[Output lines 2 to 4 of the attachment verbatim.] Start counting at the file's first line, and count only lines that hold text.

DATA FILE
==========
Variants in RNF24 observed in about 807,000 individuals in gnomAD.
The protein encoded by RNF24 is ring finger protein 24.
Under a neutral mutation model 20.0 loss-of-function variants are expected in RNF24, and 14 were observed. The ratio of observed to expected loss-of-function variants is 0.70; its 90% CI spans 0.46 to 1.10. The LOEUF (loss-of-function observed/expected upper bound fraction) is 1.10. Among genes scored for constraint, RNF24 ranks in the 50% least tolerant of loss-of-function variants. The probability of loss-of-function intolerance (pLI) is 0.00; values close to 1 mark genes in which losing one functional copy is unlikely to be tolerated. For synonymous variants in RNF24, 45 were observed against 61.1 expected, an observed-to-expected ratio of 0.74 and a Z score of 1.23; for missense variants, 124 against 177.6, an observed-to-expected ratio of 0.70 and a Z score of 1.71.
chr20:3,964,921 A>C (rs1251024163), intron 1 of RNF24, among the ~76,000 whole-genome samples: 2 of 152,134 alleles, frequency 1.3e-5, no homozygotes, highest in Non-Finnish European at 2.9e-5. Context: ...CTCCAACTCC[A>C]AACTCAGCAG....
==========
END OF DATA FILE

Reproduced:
The protein encoded by RNF24 is ring finger protein 24.
Under a neutral mutation model 20.0 loss-of-function variants are expected in RNF24, and 14 were observed. The ratio of observed to expected loss-of-function variants is 0.70; its 90% CI spans 0.46 to 1.10. The LOEUF (loss-of-function observed/expected upper bound fraction) is 1.10. Among genes scored for constraint, RNF24 ranks in the 50% least tolerant of loss-of-function variants. The probability of loss-of-function intolerance (pLI) is 0.00; values close to 1 mark genes in which losing one functional copy is unlikely to be tolerated. For synonymous variants in RNF24, 45 were observed against 61.1 expected, an observed-to-expected ratio of 0.74 and a Z score of 1.23; for missense variants, 124 against 177.6, an observed-to-expected ratio of 0.70 and a Z score of 1.71.
chr20:3,964,921 A>C (rs1251024163), intron 1 of RNF24, among the ~76,000 whole-genome samples: 2 of 152,134 alleles, frequency 1.3e-5, no homozygotes, highest in Non-Finnish European at 2.9e-5. Context: ...CTCCAACTCC[A>C]AACTCAGCAG....